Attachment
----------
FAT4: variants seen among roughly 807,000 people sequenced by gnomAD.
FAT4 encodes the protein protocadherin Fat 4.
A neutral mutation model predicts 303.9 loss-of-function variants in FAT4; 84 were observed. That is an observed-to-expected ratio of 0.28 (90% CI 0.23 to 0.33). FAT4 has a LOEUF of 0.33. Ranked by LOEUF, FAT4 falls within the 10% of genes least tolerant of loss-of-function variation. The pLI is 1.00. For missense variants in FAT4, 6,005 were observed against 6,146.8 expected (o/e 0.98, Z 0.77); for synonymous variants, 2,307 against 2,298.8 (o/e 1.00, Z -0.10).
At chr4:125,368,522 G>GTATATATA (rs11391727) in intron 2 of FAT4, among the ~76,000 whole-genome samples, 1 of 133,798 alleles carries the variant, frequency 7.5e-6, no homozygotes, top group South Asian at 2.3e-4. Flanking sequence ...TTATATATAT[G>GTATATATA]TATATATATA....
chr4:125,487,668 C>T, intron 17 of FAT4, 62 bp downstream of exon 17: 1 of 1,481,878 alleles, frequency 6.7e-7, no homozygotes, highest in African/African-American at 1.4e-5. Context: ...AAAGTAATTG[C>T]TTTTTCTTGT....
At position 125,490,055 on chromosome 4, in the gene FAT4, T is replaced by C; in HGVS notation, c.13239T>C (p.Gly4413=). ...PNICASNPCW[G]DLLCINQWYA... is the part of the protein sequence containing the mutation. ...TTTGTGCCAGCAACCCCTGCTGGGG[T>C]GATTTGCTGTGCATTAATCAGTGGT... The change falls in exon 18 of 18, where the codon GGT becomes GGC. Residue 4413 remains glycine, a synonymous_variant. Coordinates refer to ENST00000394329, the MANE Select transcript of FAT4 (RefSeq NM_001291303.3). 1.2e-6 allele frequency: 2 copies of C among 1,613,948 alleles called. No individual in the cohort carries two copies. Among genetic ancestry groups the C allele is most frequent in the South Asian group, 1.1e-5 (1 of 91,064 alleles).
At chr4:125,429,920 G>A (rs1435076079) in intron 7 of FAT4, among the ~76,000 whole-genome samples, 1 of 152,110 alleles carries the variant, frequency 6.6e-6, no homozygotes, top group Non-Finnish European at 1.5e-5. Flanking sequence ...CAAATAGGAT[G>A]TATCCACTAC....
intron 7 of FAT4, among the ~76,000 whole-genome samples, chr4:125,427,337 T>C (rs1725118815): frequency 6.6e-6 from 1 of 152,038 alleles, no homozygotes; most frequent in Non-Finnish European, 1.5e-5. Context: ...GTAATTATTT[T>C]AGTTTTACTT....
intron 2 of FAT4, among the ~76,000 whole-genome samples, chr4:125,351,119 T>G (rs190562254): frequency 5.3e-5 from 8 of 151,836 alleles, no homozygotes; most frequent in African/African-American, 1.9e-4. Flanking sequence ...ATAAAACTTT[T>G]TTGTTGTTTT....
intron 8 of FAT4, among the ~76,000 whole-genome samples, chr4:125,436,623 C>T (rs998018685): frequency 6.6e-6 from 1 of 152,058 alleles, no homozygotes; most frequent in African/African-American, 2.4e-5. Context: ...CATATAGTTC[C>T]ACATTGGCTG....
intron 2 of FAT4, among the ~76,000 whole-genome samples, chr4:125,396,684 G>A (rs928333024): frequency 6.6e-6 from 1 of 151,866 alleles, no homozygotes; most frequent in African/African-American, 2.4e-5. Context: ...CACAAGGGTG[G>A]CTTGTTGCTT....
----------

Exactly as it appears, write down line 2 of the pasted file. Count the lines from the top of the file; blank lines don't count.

FAT4 encodes the protein protocadherin Fat 4.